A St. Ann’s Academy student is combining her flair for art with compassion for the developmentally challenged to make the world a little more accessible to kids with autism.
Elisa Pierrot graduates from St. Ann’s this year, and she leaves behind the colourful toys she created to help students in the autism spectrum connect with songs, feelings, words and concepts.
Elisa was eager to help when her mother Joanna Pierrot asked for items to help illustrate lyrics during Joanna’s weekly volunteer music therapy work with St. Ann’s autistic kids.
“I like helping little kids and making them happy,” said the 17-year-old. “I know colourful things and cute things make them happier and make them understand more.”
What she came up with was more than anyone had imagined.
The school’s certified educational assistants assigned to the five autistic children in the school have seen the beneficial effects of Elisa’s creations.
“The importance of visuals in Shanna’s life (for example) is critical,” said Lauraine Wakely, St. Ann’s learning centre co-ordinator. “It’s so important to her life.”
The toys include a dozen felt hand puppets including a dog, tiger, pig, duck, cat and other animals. Joanna, who is doing her practicum at St. Ann’s to be a certified educational assistant, uses these to help kids learn spatial concepts by placing the puppet on a child’s hand and singing a version of If You’re Happy and You Know It.
Elisa also created about a dozen 30-centimetre-tall cardboard cutout figures depicting a wide range of emotions from happy to sad, strong to scared.
“So the question, ‘How are you feeling today?’ Well, now they have something to look at and understand in their mind, ‘I’m feeling happy,’ ” said Wakely.
The teachers use several other visual tools to help children express themselves and understand the world around them, such as plastic cards each illustrating an item or idea. A new iPad program designed for the non-verbal has opened up the world like nothing else, according to teacher Michelle Maisonneuve.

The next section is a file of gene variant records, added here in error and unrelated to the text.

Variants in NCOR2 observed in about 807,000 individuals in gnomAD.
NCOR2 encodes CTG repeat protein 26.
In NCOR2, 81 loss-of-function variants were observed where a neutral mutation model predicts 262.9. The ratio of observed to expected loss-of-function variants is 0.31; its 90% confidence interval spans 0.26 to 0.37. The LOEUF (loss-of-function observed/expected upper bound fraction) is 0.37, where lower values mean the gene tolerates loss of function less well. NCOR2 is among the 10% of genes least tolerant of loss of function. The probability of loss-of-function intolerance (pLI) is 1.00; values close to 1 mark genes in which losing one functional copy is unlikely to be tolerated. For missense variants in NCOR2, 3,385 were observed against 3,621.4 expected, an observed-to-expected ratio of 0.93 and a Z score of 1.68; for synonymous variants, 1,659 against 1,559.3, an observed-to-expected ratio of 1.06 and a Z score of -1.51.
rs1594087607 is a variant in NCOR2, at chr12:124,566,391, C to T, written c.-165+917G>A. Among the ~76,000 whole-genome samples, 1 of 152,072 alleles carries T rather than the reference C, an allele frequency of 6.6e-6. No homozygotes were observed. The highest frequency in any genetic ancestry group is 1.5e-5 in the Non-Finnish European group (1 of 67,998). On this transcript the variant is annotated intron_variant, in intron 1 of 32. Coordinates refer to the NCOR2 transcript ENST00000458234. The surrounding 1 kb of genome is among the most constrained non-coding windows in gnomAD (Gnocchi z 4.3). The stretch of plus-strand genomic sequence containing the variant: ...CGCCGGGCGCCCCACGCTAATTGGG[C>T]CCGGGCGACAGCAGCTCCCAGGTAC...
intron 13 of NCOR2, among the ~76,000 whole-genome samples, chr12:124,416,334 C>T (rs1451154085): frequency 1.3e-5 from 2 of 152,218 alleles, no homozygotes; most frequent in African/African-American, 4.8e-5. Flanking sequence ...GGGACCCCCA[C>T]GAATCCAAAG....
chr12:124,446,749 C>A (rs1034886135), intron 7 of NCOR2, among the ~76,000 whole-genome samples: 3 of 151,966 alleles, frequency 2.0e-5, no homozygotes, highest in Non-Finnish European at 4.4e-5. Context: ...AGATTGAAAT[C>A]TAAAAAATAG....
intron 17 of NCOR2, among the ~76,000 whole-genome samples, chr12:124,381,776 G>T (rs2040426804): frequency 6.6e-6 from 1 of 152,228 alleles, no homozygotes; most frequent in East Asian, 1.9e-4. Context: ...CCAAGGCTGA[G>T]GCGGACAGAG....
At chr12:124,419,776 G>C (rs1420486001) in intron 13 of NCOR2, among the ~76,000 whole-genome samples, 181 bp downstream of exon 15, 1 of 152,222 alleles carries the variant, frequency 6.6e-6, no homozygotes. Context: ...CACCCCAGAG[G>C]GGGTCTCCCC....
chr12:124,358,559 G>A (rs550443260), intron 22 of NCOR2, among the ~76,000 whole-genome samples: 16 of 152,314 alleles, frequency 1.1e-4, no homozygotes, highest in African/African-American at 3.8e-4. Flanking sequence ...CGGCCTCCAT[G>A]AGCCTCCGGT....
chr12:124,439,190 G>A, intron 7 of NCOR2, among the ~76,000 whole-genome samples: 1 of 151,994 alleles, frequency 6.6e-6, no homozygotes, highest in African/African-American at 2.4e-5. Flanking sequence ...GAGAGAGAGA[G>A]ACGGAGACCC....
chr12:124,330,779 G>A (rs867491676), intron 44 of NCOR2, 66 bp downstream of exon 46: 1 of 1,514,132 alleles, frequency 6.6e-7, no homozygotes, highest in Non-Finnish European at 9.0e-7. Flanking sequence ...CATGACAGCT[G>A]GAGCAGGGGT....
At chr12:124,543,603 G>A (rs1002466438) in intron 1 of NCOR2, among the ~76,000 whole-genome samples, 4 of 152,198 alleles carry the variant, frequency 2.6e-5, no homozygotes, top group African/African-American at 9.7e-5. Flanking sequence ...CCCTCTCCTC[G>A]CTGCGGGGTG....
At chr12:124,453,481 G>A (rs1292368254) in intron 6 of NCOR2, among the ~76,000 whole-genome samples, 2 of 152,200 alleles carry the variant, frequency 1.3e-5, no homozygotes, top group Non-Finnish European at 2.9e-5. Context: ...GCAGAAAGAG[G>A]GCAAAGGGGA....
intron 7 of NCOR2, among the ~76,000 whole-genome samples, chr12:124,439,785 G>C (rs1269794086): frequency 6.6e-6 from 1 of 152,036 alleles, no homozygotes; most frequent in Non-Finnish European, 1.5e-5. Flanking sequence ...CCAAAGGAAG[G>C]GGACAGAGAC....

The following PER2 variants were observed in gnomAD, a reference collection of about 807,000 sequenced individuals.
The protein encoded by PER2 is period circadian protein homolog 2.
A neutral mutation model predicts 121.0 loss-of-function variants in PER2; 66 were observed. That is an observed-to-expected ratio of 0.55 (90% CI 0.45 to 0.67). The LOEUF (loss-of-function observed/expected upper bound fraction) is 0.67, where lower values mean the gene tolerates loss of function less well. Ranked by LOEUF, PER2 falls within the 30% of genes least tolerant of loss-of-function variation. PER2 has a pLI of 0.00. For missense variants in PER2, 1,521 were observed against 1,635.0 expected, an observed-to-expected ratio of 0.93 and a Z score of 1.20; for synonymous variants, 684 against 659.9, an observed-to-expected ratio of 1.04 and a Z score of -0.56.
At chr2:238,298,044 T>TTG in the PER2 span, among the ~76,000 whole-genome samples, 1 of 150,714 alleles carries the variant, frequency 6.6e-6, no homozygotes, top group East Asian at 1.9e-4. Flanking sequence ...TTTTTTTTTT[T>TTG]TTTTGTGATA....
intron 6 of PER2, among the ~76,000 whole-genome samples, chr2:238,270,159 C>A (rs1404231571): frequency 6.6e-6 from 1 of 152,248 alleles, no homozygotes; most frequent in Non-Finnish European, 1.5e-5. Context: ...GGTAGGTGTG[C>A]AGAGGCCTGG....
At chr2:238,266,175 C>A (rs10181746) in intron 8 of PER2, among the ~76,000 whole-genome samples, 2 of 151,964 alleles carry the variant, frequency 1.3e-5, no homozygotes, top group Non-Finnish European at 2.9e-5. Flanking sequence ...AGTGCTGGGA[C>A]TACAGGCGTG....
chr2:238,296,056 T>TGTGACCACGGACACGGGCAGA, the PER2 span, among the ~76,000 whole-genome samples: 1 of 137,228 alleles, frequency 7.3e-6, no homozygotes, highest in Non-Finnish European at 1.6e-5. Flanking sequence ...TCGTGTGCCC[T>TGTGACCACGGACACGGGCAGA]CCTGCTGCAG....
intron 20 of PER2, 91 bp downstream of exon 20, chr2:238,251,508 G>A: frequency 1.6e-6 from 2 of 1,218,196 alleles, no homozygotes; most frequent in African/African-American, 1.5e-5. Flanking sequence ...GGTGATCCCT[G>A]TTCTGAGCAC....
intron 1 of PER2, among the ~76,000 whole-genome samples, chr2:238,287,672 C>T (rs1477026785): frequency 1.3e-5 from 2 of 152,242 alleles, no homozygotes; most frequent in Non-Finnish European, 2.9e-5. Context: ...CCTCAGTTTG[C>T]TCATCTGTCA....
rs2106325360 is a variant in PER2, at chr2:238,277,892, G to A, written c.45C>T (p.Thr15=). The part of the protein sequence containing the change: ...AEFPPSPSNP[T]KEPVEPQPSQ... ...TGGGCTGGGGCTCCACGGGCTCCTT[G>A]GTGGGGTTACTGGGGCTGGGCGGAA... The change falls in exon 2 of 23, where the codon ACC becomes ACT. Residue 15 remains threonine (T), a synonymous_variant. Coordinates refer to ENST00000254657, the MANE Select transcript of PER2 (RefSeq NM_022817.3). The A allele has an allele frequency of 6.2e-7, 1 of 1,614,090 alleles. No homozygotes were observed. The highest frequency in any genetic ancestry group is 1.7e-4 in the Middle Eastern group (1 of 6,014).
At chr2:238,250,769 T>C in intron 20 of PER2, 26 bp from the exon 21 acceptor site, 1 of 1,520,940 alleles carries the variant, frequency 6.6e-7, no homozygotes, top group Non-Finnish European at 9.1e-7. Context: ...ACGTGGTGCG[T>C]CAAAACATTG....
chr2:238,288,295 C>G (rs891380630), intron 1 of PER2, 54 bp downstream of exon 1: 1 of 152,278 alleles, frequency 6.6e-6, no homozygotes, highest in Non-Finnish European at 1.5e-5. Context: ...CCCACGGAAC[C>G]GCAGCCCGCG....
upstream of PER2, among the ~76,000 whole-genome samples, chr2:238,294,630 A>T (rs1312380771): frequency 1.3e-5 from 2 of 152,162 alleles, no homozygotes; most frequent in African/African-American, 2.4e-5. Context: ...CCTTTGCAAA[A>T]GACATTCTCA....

And what Elisa’s creations bring is a tactile element along with the visual, said Maisonneuve.
One creation involves small creatures children can pull off of a Velcro background as they learn to take turns, improve dexterity and count along while Joanna sings The Ants go Marching Two-by-Two.
“Each of the kids when we’re having music can count each one,” said Maisonneuve. “It’s a good feeling, they can pull it, take it, hold onto it.”
Among Elisa’s inspirations for helping developmentally challenged children was her close relationship to her great-aunt Mary Abate, who was non-verbal with Down syndrome. She died a few months ago.
“Me and my cousin used to hang out with her all the time,” said Elisa. “It was so fun to make her laugh and we would teach her how to do things like high five. And she always had little stuffies she would hold up and we’d play with.”
The experience with her great-aunt taught Elisa what stimulates and engages those with cognitive issues, and the results have impressed school staff at all levels.
“I’ve been in special education for many years and I’ve never seen anything this engaging,” said Wakely. “Somebody of this age to come along and to create such beautiful, inviting supports for these children…”
Wakely said St. Ann’s is eager to offer education to more children with developmental challenges as it expands related programs.
In the meantime, Elisa intends to continue on her path of incorporating art and education.
“I’m not sure what I want to teach yet. But I’ve always loved teaching and art. So I’m going into a Bachelor of Arts at TRU.”